Gardening, Cooking and Decorating on the Prairie of Kansas

Welcome to Linderhof, our 1920's home on the prairie, where there's usually something in the oven, flowers in the garden for tabletops and herbs in the garden for cooking. Where, when company comes, the teapot is always on and there are cookies and cakes to share in the larder.

Thursday, December 6, 2012

Corniest Corn Muffins

In September, when we stayed on Cape Cod for a week,
we went to Sandwich for the day

The day included a tour of
Dexter's Grist Mill

This is one of the oldest mill sites existing today.    The mill goes back to the 1640s and lasted until 1881 when it ceased production.

The town of Sandwich bought the mill and in 1962, it was opened to the public.
And it operates today.

Milling corn meal

The start of the milling of the grain,

And a volunteer explains the process

While this volunteer bags the milled corn meal and explains more about the milling process.

Of course, I had to buy a sack of cornmeal

For I like stone ground cornmeal -- it's really the best kind.

And last week, when I had a guest for lunch, I made Dorie Greenspan's Corniest Corn Muffins

A good use of the corn meal, I think

Warm from the oven with plenty of butter to slather on.

We each ate two!


1 cup flour
1 cup cornmeal
6 T. sugar
2 1/2 t. baking powder
1/4 t. baking soda
pinch of freshly grated nutmeg (optional -- I did add it and it was really good)
1 cup buttermilk
3 T. unsalted butter, melted and coolec
3 T. corn oil
1 large egg
1 large egg yolk
1 cup corn kernels, fresh, frozen or canned (in which case they should be drained and patted dry) (I used Trader Joe's fire roasted corn kernels)

Heat oven to 400.   Butter or spray or line with muffin cups, 12 muffin molds.

Whisk together the flour, cornmeal, sugar, baking powder, baking soda, salt and nutmeg.    In a large glass measuring cup, whisk together the buttermilk, melted butter, oil, egg and yolk.   Pour the liquid ingredients over the dry ingredients and, with the whisk or a rubber spatula, gently but quickly stir to blend.    (Batter will be lumpy)    Stir in the corn kernels.    Divide the batter evenly among the muffin molds.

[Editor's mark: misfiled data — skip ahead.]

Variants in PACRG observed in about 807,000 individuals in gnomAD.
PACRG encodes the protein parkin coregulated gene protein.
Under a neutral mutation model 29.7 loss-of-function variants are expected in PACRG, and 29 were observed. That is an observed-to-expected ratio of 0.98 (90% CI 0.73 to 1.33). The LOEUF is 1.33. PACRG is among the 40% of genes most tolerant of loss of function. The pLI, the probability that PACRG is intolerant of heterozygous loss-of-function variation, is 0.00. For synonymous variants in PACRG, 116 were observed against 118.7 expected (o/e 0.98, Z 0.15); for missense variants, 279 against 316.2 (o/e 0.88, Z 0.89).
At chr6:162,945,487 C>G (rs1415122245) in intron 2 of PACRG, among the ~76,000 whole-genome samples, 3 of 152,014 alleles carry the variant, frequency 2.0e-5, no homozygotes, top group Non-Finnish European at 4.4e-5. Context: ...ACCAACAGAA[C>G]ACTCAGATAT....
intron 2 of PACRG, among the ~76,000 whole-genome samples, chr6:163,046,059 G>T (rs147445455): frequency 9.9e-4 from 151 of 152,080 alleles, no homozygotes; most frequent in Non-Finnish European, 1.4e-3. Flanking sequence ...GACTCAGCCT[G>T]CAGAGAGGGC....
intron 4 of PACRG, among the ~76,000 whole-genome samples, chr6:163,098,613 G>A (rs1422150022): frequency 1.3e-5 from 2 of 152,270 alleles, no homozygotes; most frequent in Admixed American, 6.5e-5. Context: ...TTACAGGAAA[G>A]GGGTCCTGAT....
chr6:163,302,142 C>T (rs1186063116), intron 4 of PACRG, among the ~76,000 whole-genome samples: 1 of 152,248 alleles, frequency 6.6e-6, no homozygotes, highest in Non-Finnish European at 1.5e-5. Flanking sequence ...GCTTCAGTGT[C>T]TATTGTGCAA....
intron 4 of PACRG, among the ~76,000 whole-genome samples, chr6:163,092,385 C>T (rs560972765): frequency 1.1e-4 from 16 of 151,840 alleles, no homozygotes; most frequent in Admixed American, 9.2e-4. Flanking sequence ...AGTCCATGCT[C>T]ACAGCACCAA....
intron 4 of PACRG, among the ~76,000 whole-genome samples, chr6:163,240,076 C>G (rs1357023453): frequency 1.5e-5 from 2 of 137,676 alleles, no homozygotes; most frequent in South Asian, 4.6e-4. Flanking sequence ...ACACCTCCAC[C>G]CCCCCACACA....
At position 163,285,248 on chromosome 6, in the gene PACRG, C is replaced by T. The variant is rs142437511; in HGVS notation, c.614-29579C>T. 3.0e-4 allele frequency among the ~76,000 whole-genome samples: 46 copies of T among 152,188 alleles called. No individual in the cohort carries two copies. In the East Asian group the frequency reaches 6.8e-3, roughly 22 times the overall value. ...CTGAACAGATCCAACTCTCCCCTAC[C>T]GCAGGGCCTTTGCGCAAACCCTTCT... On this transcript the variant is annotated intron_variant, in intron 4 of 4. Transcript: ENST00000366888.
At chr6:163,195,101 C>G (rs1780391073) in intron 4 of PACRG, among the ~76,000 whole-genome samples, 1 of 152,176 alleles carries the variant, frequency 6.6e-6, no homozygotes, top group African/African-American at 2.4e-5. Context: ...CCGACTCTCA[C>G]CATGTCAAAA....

Put the pan into the oven and bake 15 to 18 minutes, or until the tops are golden and a knife insterted into the center of the muffin comes out clean.   Pull the pan from the oven and carefully lift each muffin out of it's mold and onto a rack to cool.

The muffins are great warm or at room temperature and particularly great split, toasted and slathered with butter or jam or both.

We love quick breads in the winter with soups -- corn muffins, buttermilk muffins, beer breads.   They elevate the simple soup meal into something special!

It's Friday and I'm joining Michael at Rattlebridge Farm for Foodie Friday.


Pondside said...

Did you really buy a whole sack? You'll have some wonderful baking all winter!

Judith @ Lavender Cottage said...

I make cornbread/muffins often but we are not fond of the corn kernels in my recipe. Do you prefer yours this way Martha?
There will be lots of cornmeal recipes at your house for awhile with that big bag!

On Crooked Creek said...

This recipe sounds divinely delicious, especially with the onset of winter at hand! I love ground cornmeal!!! We use to purchase it at a small grocery store in Garnett (across from the KDOT building)! Haven't found a source for it since moving to this side of the Prairie! Thanks for sharing from your vacation and the Grist Mill!!!

Penny said...

That is so ironic that you got Massachusetts corn meal and that I just posted a Massachusetts corn muffin recipe. Would be interested to know if you try it. I love Cape Cod. We have friends who live on Nantucket.